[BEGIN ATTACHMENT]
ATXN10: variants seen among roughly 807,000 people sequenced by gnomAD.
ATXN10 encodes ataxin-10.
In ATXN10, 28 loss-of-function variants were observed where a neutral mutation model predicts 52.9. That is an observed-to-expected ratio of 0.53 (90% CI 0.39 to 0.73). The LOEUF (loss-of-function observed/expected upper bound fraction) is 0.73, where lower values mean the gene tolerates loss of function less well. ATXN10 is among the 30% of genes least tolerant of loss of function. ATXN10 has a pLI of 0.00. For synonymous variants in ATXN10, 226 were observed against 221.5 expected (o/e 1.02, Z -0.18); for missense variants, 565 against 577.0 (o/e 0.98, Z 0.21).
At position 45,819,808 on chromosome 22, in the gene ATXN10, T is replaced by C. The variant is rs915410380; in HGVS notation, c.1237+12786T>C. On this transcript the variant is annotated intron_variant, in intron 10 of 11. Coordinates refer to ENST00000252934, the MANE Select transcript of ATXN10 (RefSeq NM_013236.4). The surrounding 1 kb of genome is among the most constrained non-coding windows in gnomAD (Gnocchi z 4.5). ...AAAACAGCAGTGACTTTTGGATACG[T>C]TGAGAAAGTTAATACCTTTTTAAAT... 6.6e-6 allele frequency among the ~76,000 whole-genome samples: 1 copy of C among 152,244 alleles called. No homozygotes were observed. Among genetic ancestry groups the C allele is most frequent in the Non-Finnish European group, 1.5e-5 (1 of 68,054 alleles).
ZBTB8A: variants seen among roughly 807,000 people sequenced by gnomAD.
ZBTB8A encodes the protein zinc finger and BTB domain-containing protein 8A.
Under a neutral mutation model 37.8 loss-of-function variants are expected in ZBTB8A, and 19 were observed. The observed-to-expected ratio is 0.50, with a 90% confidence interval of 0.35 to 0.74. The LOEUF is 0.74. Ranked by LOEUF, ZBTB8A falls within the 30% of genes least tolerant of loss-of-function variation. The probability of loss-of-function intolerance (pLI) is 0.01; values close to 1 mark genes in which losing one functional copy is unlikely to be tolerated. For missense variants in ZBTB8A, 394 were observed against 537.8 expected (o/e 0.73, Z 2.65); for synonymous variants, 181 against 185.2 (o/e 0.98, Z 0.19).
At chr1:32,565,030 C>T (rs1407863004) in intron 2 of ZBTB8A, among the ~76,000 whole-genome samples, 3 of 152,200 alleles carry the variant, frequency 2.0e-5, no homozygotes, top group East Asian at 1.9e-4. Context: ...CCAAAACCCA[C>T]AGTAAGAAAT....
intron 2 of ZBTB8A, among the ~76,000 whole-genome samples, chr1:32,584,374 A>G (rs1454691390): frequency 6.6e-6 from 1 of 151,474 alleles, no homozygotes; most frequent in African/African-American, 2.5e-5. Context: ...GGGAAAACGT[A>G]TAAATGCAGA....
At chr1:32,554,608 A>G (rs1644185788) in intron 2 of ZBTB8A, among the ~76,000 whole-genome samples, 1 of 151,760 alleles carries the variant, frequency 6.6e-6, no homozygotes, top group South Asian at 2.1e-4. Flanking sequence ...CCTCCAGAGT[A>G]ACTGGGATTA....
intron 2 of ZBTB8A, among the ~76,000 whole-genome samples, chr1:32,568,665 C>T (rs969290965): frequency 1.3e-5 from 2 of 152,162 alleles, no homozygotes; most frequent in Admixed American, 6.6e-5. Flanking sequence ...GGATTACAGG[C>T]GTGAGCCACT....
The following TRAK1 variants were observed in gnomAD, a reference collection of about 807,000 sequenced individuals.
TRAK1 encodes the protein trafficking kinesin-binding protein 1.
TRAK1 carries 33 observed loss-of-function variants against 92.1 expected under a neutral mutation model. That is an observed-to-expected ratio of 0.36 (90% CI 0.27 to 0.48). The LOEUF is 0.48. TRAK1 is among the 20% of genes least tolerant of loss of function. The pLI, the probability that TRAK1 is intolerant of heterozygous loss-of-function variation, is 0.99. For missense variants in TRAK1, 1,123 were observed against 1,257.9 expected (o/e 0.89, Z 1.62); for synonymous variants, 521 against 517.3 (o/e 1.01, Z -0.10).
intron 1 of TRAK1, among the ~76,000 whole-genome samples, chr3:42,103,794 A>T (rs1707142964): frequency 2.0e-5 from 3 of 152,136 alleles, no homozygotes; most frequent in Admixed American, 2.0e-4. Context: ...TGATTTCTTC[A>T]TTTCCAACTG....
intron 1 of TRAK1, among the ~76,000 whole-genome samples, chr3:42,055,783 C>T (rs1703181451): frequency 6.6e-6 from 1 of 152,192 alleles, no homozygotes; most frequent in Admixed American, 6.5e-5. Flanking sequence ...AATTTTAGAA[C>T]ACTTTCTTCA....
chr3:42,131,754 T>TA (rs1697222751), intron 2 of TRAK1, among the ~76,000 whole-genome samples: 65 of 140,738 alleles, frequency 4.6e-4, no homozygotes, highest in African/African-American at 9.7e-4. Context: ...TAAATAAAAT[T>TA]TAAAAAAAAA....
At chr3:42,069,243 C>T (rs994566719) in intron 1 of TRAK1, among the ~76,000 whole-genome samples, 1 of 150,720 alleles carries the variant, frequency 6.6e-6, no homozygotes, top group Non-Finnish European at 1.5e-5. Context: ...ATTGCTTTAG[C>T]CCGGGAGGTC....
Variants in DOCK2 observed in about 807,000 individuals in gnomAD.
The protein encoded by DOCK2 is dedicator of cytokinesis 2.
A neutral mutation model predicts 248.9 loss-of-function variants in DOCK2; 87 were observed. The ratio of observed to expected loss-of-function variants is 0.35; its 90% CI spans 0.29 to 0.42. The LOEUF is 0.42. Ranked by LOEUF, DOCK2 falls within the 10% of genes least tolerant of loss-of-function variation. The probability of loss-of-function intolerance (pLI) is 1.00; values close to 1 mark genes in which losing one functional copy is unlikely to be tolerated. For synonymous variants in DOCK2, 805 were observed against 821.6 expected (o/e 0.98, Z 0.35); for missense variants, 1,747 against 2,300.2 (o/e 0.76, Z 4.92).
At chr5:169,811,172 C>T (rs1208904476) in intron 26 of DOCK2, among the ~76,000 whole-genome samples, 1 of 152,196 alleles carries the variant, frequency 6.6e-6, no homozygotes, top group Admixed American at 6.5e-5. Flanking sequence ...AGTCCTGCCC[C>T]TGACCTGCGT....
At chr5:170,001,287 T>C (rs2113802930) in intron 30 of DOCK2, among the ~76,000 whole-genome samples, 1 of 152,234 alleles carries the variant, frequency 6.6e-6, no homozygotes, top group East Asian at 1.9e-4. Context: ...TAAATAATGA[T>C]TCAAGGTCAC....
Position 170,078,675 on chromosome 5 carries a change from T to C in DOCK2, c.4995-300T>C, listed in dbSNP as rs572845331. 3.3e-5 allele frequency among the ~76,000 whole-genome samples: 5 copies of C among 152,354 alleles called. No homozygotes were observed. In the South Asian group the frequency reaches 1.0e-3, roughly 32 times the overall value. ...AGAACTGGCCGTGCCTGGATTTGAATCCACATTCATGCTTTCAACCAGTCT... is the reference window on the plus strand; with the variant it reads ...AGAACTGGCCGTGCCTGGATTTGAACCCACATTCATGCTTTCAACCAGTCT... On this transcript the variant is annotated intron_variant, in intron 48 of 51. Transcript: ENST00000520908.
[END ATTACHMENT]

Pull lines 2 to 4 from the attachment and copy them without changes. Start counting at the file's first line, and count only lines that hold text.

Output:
ATXN10 encodes ataxin-10.
In ATXN10, 28 loss-of-function variants were observed where a neutral mutation model predicts 52.9. That is an observed-to-expected ratio of 0.53 (90% CI 0.39 to 0.73). The LOEUF (loss-of-function observed/expected upper bound fraction) is 0.73, where lower values mean the gene tolerates loss of function less well. ATXN10 is among the 30% of genes least tolerant of loss of function. ATXN10 has a pLI of 0.00. For synonymous variants in ATXN10, 226 were observed against 221.5 expected (o/e 1.02, Z -0.18); for missense variants, 565 against 577.0 (o/e 0.98, Z 0.21).
At position 45,819,808 on chromosome 22, in the gene ATXN10, T is replaced by C. The variant is rs915410380; in HGVS notation, c.1237+12786T>C. On this transcript the variant is annotated intron_variant, in intron 10 of 11. Coordinates refer to ENST00000252934, the MANE Select transcript of ATXN10 (RefSeq NM_013236.4). The surrounding 1 kb of genome is among the most constrained non-coding windows in gnomAD (Gnocchi z 4.5). ...AAAACAGCAGTGACTTTTGGATACG[T>C]TGAGAAAGTTAATACCTTTTTAAAT... 6.6e-6 allele frequency among the ~76,000 whole-genome samples: 1 copy of C among 152,244 alleles called. No homozygotes were observed. Among genetic ancestry groups the C allele is most frequent in the Non-Finnish European group, 1.5e-5 (1 of 68,054 alleles).